We made a promise to the family of William Tyrrell, a wonderful young boy who has tragically been missing now for more than a year, that we would do all we could to help bring him home. Saturday was the anniversary of his disappearance and was marked by community walks across the nation.
They dressed in red and blue and in Spiderman costumes. They came with toddlers, dogs, prams and balloons and at 10.30am, exactly one year on from the disappearance, they marched to bring him home. There were more than 80 registered events across the nation, and in Canada, all walking for William. All were asking the same question, a question his parents and the local community have asked since the day he went missing. How can a child just disappear?
This is a crime that strikes fear into the hearts of parents everywhere, a disappearance in broad daylight from our homes, in our neighbourhoods. I walked for William in Tuggeranong in Canberra where I met Kathy, a woman who has been looking for William for the past 10 months.
She carried this Missing Child flyer with pictures of him. Kathy is not a police officer or a private detective. She is a normal Australian who was touched by William’s story and has for the past 10 months been pinning signs like this up on noticeboards and windows across her community of Oxley in the ACT.
William’s favourite superhero Spiderman was an everyday hero. The community demonstrated this weekend that Australia has thousands of everyday heroes - from the printer in Kendall producing thousands of flyers and sending them around the nation, to Hetty Johnston and Bravehearts, to the NSW Police and Crimestoppers, to the company driving the campaign online pro bono Insight Communications, to the organisers and volunteers who rallied local communities right across the nation to Walk for William, and to the thousands of families who with one voice on Saturday said this type of crime is unacceptable and the community should do all that it can to stamp it out.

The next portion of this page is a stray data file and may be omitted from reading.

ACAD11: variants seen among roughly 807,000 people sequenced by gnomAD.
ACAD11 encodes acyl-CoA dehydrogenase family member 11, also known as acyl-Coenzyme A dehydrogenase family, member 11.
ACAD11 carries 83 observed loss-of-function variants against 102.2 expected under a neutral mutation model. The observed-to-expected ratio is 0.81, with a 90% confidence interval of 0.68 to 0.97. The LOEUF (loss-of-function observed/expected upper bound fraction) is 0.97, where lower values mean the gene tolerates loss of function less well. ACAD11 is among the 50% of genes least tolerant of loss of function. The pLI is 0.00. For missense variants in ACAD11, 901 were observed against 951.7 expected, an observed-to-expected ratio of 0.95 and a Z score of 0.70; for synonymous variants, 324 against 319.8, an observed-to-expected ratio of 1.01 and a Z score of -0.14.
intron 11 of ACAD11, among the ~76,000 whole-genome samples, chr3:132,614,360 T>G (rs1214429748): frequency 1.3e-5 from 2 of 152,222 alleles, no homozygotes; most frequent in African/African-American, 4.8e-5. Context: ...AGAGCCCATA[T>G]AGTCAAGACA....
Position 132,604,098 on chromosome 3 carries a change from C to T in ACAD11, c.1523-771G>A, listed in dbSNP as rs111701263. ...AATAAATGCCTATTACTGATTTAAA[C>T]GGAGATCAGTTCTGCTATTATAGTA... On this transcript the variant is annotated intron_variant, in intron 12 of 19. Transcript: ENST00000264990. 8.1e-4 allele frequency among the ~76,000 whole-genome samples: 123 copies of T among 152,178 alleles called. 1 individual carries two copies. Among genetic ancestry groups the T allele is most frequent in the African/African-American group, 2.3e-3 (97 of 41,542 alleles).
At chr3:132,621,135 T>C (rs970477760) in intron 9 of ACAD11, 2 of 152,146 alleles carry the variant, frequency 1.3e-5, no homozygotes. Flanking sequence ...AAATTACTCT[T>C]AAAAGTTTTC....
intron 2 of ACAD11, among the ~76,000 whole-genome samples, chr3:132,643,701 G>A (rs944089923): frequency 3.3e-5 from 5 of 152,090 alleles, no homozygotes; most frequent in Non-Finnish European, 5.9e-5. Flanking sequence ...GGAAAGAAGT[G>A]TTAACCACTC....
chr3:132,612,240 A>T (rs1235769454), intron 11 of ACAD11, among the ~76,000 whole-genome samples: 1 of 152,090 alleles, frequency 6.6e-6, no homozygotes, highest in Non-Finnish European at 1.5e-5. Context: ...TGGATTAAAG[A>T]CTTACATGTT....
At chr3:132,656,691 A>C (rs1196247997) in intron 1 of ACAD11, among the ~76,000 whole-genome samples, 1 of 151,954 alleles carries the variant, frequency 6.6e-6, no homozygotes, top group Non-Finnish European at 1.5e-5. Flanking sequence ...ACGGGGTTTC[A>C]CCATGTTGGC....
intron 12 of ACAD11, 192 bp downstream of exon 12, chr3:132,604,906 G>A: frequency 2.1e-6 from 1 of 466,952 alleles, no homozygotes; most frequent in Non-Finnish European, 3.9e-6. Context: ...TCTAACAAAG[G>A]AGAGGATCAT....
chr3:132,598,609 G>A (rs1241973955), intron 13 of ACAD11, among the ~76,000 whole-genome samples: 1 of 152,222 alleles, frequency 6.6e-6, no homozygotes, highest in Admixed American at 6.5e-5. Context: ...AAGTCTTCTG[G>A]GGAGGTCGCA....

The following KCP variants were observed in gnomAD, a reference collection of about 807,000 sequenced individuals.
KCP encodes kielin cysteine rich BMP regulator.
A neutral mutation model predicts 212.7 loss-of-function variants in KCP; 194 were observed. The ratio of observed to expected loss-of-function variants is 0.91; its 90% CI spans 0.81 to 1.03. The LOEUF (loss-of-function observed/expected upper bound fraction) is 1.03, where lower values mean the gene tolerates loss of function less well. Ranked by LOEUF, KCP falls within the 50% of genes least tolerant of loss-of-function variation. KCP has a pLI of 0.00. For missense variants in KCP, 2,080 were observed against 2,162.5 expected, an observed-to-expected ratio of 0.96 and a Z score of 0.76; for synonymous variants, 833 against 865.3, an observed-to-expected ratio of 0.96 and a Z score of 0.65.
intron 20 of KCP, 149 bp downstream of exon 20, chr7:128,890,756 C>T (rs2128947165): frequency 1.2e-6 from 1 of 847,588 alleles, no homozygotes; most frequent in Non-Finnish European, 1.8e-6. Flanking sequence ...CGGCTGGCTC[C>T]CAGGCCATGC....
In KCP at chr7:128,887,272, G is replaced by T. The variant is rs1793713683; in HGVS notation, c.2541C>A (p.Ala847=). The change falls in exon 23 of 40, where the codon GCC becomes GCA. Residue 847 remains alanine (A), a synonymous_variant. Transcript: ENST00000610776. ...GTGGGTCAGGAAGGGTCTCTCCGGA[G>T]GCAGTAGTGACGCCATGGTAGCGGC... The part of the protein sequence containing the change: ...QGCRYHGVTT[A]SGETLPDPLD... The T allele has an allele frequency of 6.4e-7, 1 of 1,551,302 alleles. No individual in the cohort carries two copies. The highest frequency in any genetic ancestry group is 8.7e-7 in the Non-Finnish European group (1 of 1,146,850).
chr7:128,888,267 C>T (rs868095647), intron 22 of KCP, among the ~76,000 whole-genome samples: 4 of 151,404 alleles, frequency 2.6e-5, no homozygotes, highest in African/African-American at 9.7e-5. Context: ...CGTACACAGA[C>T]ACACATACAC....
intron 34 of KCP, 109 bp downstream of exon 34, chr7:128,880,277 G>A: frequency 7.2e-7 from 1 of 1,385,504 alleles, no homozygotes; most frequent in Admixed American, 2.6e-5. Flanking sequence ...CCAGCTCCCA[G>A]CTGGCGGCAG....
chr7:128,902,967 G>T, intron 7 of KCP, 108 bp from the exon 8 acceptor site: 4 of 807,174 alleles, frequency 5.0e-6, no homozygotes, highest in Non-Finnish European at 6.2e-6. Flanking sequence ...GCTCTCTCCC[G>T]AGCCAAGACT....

Leslie Williams, Member for Port Macquarie, who represents Kendall, has told me of the more than 600 people in that community who marched, and sold T-shirts, ribbons and hats on Saturday, September 12. Leslie is right when she says the unwavering determination to find William is absolutely overwhelming in Kendall, that from the time it happened to now, 12 months later, they haven’t stopped looking for him. They are so determined to find an answer.
Leslie tells me that this shocking event has rocked the very foundation of that small, tight-knit community, and made them question the security of their children, and the freedom their children once had, such as walking to school on their own. On the 12 month anniversary of his disappearance, one of his parents said:
“William’s disappearance came close to crushing us. It’s only the love and support from people on the mid North Coast that has kept us going.”
I joined with people across the nation in writing to William’s family in message books placed at the rally point of the walks. My message to his parents was simple:
“The nation is walking with William today but we will walk with you until he is bought back.”
We marked Where’s William Tyrrell week in NSW Parliament with a bi-partisan event that his family attended, where I made it clear that I would do all I could to help spread the word, his pictures and encourage everyone to do the same. Our colleagues in Canberra also commemorated the anniversary of Williams’ disappearance.
In doing so, we reinforce to the community our steadfast resolve to find William and stamp out this kind of crime and we say to those affected by this tragedy across Kendall, the North Coast and the nation that our thoughts and prayers are with you, your children and especially William.
I urge anyone who knows anything to contact Crimestoppers on 1800 333 000.